Jon Boden is a one-man music phenomenon: as well as composing for films and theatre, he’s one half of duo Spiers & Boden and the charismatic front-man of hugely popular folk-rock band Bellowhead. Ahead of Spiers & Boden’s final appearance at the Key Theatre in May, The Moment online chatted to Jon about the folk revival, the corporate music jungle – and breaking up the band…
So, this is the Spiers & Boden farewell tour! How did you and John come to the decision to wind up the duo and also, what can fans expect from the set you’ll be playing?
The decision to stop Spiers & Boden… it’s a product of the success of Bellowhead, which is a positive reason for splitting up. We’d got to the point where it was just too difficult to keep both bands going at the same time, we were competing with ourselves, a bit, so we felt it was time to focus on one or the other – Bellowhead keeps going from strength to strength so it seems silly to not run with it. Plus we’ve both got young families, and partners who appreciate us being home! In terms of what we’re going to be playing, we’re playing favourite tracks from all our albums, actually quite a few from our first one, nothing radically different to normal, but it’s been nice because we’re really enjoying playing, I guess as we’re aware it’s our last tour.
‘We’ve all grown together, often out of our own comfort zones’
Does Bellowhead feel like a very separate thing from Spiers & Boden, or has there been a notable evolution from one to the other?
It very much started as an evolution of what we were doing: literally the set that we first played was all Spiers & Boden, but expanded; the first EP and even the first album, the first four tracks were all Spiers & Boden. And then it really nicely, gradually evolved to being in its own territory, because new people have come in and we’ve all got very specific ideas about our own instruments in Bellowhead, and that meant we have quite different approaches to arrangements. After that initial period we stopped just doing Spiers & Boden because of all the different ideas, and what’s interesting is how we’ve all grown together, often out of our own comfort zones. So yes, it’s very different territory now, with Bellowhead – the thing that isn’t different is conflict in terms of a resource issue for both bands: we’re both focused on traditional songs so every time in the last ten years I’ve found an old song I thought was a goer, I’ve had to decide which band to allocate it to. And it’s a finite resource, old songs. And as time’s gone on I’ve more and more leaned towards Bellowhead arrangements rather than Spiers & Boden arrangements, because that’s where the demand seems to lie.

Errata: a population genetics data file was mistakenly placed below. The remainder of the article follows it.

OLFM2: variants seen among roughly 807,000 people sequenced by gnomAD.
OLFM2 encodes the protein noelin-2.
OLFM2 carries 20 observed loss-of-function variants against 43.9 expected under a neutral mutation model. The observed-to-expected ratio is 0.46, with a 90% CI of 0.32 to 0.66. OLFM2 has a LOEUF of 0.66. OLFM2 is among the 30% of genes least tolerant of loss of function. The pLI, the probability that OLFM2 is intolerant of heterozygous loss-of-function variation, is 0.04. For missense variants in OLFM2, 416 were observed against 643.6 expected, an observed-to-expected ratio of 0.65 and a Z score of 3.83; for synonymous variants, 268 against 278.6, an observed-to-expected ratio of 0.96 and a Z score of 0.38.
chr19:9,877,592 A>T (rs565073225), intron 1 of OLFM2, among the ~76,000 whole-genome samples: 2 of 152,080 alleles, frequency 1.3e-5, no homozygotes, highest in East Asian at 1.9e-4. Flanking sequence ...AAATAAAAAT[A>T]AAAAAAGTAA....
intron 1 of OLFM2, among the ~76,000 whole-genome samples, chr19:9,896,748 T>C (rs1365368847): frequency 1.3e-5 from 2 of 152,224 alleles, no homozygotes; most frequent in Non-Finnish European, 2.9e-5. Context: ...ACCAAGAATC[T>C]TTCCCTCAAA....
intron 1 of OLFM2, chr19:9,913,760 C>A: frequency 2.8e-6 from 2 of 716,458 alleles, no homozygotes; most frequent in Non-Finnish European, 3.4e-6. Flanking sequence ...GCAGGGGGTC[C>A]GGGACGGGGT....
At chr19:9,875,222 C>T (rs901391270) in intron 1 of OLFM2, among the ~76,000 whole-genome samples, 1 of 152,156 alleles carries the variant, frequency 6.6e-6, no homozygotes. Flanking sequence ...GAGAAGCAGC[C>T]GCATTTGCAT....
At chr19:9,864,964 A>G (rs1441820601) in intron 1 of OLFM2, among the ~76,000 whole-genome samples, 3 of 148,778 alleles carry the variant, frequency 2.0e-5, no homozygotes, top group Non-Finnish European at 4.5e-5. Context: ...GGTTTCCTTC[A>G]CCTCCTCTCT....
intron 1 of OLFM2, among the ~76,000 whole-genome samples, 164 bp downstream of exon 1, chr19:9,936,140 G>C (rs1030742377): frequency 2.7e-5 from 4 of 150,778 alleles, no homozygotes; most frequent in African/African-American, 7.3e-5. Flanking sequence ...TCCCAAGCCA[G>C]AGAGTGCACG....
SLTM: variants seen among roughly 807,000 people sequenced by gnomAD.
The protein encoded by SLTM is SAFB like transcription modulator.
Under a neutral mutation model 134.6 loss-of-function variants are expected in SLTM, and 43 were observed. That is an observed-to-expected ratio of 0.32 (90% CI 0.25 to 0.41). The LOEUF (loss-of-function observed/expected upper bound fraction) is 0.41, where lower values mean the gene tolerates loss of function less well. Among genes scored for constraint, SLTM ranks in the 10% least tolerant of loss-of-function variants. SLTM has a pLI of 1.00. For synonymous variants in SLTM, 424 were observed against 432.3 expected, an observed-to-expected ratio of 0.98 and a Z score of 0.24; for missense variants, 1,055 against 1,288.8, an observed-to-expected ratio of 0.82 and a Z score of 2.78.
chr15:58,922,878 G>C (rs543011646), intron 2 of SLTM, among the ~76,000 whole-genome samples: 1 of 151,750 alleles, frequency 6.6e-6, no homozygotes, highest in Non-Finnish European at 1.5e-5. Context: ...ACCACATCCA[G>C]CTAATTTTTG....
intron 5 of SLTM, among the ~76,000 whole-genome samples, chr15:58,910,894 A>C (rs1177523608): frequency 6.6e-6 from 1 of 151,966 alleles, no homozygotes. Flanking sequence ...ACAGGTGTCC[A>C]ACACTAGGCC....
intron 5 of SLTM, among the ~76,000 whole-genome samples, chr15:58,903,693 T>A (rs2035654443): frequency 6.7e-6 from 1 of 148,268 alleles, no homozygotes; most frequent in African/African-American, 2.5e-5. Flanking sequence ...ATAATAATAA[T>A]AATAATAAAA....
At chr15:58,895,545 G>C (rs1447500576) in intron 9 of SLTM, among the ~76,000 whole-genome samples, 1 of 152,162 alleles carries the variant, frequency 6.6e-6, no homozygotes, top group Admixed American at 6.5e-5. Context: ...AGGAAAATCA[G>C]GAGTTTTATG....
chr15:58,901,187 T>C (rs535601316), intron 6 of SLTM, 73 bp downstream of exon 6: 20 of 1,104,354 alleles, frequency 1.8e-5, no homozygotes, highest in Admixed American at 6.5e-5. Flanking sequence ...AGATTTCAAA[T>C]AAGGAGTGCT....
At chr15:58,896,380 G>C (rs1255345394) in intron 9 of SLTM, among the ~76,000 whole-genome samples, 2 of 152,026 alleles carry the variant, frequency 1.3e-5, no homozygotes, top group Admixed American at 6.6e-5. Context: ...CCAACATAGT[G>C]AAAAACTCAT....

‘I don’t go out in the field with a tape recorder looking for old farmers who remember old songs. To be fair it’s getting harder and harder to do that anyway…’
You’re known for re-discovering old songs to re-arrange and perform – in doing this do you feel there’s an element of archiving and preserving in your work, perhaps almost an academic aspect, as well as a creative one?
To an extent, yes. I think of myself as a mid-point between the academic end of the folk scene, and the audience. I feel there’s a responsibility on performers such as ourselves to be as familiar as we can be with that academic background, so when we talk on-stage about what we’re playing we can do so with some authority – part of the experience is that people come away knowing a little bit more about the music. But I don’t ever claim to be a collector, you know, I don’t go out in the field with a tape recorder looking for old farmers who remember old songs. To be fair it’s getting harder and harder to do that anyway.
Folk is very much about getting together in a room and playing music live, enjoying yourself and perhaps a few people joining in and so forth. But that’s at odds with the modern music model which is tracks being studio-based, lots of production, radio play. How do you deal with this contrast?
Yes, the two things are quite different. The touchstone of folk music is that, in its purest essence, you’re doing it for fun, you’re doing it in the pub and it’s an extension of an ordinary social life – that’s why I got into folk music in the first place, the bug that I caught. But once you… [cont]
Jon Boden: ‘I think that we’re bringing a lot of new people into this music…’ 1 2